This year, I was introduced to a website called Collaborative Mathematics through the math teacher's circle that I participate in once a month. It is a site that puts out a video explaining a really interesting math problems and asks people to solve them and send in videos of how they solved the problem. The challenges are put out once a month by the author Jason Ermer. Jason is a Math and Computer Science teacher in Oslo, Norway.
I really liked the problems and started playing the videos and doing the challenges in class with my students right before a break or when the schedule was crazy. The kids got into them and the discussion was great! I also like it because there isn't a quick answer and it really forces the students to listen to each other and challenge each others' thinking.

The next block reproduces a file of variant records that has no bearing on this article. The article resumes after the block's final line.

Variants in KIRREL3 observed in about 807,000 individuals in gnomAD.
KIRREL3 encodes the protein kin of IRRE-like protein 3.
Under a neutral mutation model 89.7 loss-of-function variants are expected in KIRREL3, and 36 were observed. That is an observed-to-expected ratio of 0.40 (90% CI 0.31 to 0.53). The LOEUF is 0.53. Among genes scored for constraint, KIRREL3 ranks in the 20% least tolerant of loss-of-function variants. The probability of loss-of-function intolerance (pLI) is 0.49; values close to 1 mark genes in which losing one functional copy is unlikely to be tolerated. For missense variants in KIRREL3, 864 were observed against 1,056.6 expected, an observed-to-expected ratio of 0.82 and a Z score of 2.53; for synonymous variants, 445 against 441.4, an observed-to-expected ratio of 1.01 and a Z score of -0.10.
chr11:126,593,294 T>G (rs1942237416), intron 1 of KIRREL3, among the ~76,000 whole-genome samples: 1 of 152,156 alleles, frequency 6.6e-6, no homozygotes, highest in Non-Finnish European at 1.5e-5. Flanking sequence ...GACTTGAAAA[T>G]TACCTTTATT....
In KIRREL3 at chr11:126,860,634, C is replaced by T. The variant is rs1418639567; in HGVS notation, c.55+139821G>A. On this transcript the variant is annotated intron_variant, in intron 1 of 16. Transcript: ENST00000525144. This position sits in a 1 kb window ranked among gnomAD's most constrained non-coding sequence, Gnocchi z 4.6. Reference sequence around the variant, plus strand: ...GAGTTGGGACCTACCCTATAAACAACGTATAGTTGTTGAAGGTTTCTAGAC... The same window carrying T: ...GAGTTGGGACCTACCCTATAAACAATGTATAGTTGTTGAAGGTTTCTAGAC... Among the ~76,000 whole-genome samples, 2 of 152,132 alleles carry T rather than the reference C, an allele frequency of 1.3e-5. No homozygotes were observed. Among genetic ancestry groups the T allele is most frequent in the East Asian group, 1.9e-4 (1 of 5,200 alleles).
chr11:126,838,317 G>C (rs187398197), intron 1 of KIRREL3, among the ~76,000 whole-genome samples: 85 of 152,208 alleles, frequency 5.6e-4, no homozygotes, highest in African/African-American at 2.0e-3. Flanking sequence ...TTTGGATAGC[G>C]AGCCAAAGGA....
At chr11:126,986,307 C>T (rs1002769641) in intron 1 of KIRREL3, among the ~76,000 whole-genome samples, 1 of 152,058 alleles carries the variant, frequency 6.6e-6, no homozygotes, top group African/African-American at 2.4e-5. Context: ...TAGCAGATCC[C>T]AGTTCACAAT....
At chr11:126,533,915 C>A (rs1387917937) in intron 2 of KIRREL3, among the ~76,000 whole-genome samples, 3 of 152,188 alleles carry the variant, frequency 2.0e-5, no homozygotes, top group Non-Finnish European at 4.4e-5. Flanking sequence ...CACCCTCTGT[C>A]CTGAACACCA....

The one thing that I have learned after doing a few of the challenges is that my struggling kiddos need some help focusing their thinking or else they will give up. For the last challenge that we tried before spring break, I made the worksheet below and it really seemed to help my struggling students get into the problem and feel on par with those who were getting it faster. I'm including it if you would like to try Challenge #3 with your students and use the worksheet. This challenge is really good for writing rules for arithmetic sequences and pushing it farther into what happens when there is an alternating sequence and how do you write it. But, by far, that isn't the only way to solve this problem! :)